Cherbourg is located off the Bunya Highway approximately 250 kilometres (155 mi) north-west of Brisbane and 6 kilometres (3.7 mi) from the town of Murgon. It is situated on Barambah Creek, close to Bjelke-Petersen Dam.
The town, formerly known as Barambah, was founded as a settlement for Aboriginal people in the early 1900s under a policy of segregation being pursued by the Government of Queensland. Its history has been described in at least two books, Dumping Ground by and Is That You Ruthie? by Ruth Hegarty.
Wakka Wakka (Waka Waka, Wocca Wocca, Wakawaka) is an Australian Aboriginal language spoken in the Burnett River catchment. The Wakka Wakka language region includes the landscape within the local government boundaries of the North and South Burnett Regional Council, particularly the towns of Cherbourg, Murgon, Kingaroy, Gayndah, Eidsvold and Mundubbera.
The mission took its name from the original 1840s pastoral run, 'Barambah', which was taken up as a grazing run in 1843 by J.S. Ferriter and Edmund Uhr.
It was initially populated with a few local Aboriginal people, but others from the Esk region and further afield were soon sent to the reserve. Many were forcibly removed from their land and "settled" at Barambah. People from 109 different areas were mixed together and they were not allowed to speak their own languages.
The reserve was administered by the Aboriginal Protection Society, Ipswich, until February 1905, when control passed to the Government of Queensland and a Superintendent was appointed, who reported to the Chief Protector of Aborigines. On 8 December 1931 the settlement was renamed Cherbourg, due to a nearby property called "Barambah Station" which caused confusion in mail delivery.
There were approximately 2079 documented removals of Aboriginal people to Barambah between the years of 1905 and 1939.
The settlement housed a reformatory school and training farm, a home training centre for girls, a hospital, dormitories in which the women and children lived, and churches of various denominations. Training was provided in a variety of agricultural, industrial and domestic fields. People were hired out as cheap labour and at one stage they were not allowed to leave the reserve. In fact, until the referendum in 1967, the indigenous people at Cherbourg were not even counted in the census.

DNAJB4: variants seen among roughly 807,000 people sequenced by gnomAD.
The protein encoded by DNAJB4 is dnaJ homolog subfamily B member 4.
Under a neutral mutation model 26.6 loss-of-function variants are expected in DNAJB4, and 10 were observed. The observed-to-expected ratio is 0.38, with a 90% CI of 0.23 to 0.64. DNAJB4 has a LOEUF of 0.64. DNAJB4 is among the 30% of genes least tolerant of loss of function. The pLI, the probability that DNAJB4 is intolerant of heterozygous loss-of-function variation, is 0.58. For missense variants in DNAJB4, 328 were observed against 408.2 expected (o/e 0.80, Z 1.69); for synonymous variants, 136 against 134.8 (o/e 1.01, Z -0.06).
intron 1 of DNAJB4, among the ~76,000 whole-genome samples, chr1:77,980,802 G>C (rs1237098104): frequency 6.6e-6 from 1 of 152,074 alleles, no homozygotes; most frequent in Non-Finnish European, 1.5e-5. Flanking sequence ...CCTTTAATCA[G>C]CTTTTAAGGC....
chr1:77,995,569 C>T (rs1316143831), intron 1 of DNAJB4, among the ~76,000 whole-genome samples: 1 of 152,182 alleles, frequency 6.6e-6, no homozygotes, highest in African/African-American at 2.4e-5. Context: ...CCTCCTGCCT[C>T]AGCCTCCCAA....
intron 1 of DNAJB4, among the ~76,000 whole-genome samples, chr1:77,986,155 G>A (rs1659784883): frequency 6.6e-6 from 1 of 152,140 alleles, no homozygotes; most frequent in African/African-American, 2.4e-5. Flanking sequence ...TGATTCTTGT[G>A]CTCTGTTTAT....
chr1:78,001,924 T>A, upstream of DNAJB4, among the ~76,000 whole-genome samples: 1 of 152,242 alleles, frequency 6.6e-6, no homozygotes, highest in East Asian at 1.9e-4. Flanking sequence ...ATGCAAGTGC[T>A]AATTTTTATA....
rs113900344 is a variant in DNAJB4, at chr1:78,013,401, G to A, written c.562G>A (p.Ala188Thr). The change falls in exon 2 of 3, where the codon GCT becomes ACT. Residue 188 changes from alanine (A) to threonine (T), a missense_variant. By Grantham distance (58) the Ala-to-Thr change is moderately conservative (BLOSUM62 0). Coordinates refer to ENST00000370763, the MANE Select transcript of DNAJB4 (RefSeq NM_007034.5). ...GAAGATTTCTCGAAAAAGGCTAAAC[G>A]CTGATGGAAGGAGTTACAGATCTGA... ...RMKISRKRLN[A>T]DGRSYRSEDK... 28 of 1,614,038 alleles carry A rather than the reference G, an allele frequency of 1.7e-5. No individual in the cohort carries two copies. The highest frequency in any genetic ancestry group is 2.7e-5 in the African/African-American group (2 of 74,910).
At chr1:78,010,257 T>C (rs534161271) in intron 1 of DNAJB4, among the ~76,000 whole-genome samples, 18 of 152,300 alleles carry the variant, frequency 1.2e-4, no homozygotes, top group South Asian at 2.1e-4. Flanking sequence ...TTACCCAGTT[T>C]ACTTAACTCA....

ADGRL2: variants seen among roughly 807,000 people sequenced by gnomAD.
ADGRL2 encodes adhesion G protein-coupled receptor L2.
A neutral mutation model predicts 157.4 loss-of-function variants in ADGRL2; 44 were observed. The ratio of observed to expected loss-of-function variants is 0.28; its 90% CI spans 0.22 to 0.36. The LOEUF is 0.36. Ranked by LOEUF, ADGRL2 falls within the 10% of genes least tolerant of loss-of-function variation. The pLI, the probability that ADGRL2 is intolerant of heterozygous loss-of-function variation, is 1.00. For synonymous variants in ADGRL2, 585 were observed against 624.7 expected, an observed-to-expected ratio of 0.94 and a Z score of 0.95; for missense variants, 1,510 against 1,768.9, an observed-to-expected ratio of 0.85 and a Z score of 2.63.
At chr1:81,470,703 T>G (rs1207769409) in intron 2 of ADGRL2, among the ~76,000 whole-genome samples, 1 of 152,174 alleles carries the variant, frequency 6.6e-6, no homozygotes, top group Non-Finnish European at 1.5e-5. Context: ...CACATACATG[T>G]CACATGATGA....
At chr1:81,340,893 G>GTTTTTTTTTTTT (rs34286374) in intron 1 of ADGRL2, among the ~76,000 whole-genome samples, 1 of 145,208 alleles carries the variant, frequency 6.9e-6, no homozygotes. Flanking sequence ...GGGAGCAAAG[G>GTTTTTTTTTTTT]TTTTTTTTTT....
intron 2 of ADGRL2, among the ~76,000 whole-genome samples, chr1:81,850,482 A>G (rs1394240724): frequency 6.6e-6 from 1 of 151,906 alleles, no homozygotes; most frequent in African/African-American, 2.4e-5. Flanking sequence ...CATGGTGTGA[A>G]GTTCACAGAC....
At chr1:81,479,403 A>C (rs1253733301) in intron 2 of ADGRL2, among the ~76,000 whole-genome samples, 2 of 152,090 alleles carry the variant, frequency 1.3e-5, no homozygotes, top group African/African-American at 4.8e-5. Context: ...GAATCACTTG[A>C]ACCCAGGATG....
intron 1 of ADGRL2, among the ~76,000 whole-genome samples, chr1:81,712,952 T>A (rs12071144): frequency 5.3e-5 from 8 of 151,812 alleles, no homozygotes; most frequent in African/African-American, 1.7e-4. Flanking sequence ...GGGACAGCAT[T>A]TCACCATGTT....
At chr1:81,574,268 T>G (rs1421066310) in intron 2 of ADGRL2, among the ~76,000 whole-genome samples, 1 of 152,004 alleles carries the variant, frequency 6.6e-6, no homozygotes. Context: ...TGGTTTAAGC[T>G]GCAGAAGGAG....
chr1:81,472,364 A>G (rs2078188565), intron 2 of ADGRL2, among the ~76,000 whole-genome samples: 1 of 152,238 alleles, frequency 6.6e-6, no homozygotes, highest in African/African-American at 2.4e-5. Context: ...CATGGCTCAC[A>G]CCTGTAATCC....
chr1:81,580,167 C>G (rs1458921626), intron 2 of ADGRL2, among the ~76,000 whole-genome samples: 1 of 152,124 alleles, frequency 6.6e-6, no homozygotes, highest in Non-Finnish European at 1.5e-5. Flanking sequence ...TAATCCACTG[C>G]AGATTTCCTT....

Cherbourg Post Office opened on 15 November 1965 and closed in 1986.
The effect of mixing these different groups of people together and forcing them to learn to speak a foreign language (English) has been an almost total loss of their cultural heritage. Many of the languages are considered to be extinct, surviving only in notes and recordings stored at the University of Queensland.
Over the years, the policies towards Aboriginals changed from protection to assimilation and eventually participation and a measure of self-government with the passage of the Community Services (Aborigines) Act 1984. The Act provided for elected community councils who could make recommendations to the Minister for Community Services on matters relating to the progress, development and wellbeing of the people they represented. On 28 August 1986 a Deed of Grant in Trust was granted to the Cherbourg community, giving this council official status. The Local Government (Community Government Areas) Act 2004 gave Cherbourg formal legal recognition as a local government.